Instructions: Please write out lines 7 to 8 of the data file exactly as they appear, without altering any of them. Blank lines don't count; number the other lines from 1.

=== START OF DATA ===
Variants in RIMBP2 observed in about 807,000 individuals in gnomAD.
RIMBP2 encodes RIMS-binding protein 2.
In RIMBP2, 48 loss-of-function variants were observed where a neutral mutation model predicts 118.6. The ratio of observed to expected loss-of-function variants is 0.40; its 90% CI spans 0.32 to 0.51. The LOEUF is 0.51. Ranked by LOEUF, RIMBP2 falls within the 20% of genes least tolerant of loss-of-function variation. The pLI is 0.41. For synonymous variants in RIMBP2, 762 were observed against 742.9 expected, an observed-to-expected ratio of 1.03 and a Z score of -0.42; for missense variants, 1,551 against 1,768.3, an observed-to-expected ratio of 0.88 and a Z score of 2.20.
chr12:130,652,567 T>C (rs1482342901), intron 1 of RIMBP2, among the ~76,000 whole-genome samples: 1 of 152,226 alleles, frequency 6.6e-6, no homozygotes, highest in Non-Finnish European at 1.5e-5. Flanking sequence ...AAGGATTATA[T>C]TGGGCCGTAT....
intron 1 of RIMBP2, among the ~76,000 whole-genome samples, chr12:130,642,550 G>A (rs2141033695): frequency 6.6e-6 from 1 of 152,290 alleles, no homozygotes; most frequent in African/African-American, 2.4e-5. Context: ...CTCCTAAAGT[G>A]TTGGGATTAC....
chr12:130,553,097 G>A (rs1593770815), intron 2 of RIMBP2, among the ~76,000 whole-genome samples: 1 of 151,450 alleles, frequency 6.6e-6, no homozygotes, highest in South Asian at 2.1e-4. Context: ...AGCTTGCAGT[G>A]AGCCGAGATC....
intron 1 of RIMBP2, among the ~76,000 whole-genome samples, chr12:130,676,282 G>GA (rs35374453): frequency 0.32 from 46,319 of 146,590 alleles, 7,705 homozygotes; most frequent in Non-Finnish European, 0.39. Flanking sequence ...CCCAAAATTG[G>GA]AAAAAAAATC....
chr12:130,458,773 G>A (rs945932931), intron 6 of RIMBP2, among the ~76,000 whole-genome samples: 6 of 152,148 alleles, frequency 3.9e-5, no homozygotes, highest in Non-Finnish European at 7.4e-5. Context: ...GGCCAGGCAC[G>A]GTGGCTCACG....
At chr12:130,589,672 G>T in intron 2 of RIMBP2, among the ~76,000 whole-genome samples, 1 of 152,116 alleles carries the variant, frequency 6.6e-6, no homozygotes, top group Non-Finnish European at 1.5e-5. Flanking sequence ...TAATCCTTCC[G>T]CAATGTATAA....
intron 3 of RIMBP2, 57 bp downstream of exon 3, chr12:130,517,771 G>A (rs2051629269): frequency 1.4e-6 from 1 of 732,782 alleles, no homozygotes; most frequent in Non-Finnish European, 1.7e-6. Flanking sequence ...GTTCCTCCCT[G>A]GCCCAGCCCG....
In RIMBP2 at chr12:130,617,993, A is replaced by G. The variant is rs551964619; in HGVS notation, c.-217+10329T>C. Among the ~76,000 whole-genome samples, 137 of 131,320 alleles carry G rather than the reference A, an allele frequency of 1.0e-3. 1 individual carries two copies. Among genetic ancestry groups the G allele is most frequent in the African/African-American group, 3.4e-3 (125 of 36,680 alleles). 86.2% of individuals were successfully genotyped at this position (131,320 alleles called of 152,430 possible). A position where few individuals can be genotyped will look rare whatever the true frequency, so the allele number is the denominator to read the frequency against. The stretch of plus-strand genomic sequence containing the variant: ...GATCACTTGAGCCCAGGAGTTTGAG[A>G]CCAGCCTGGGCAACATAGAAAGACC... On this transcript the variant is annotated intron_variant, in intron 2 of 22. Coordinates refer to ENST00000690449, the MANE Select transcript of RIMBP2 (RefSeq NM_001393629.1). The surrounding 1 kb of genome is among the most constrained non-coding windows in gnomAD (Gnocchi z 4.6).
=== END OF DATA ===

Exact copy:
intron 1 of RIMBP2, among the ~76,000 whole-genome samples, chr12:130,676,282 G>GA (rs35374453): frequency 0.32 from 46,319 of 146,590 alleles, 7,705 homozygotes; most frequent in Non-Finnish European, 0.39. Flanking sequence ...CCCAAAATTG[G>GA]AAAAAAAATC....
chr12:130,458,773 G>A (rs945932931), intron 6 of RIMBP2, among the ~76,000 whole-genome samples: 6 of 152,148 alleles, frequency 3.9e-5, no homozygotes, highest in Non-Finnish European at 7.4e-5. Context: ...GGCCAGGCAC[G>A]GTGGCTCACG....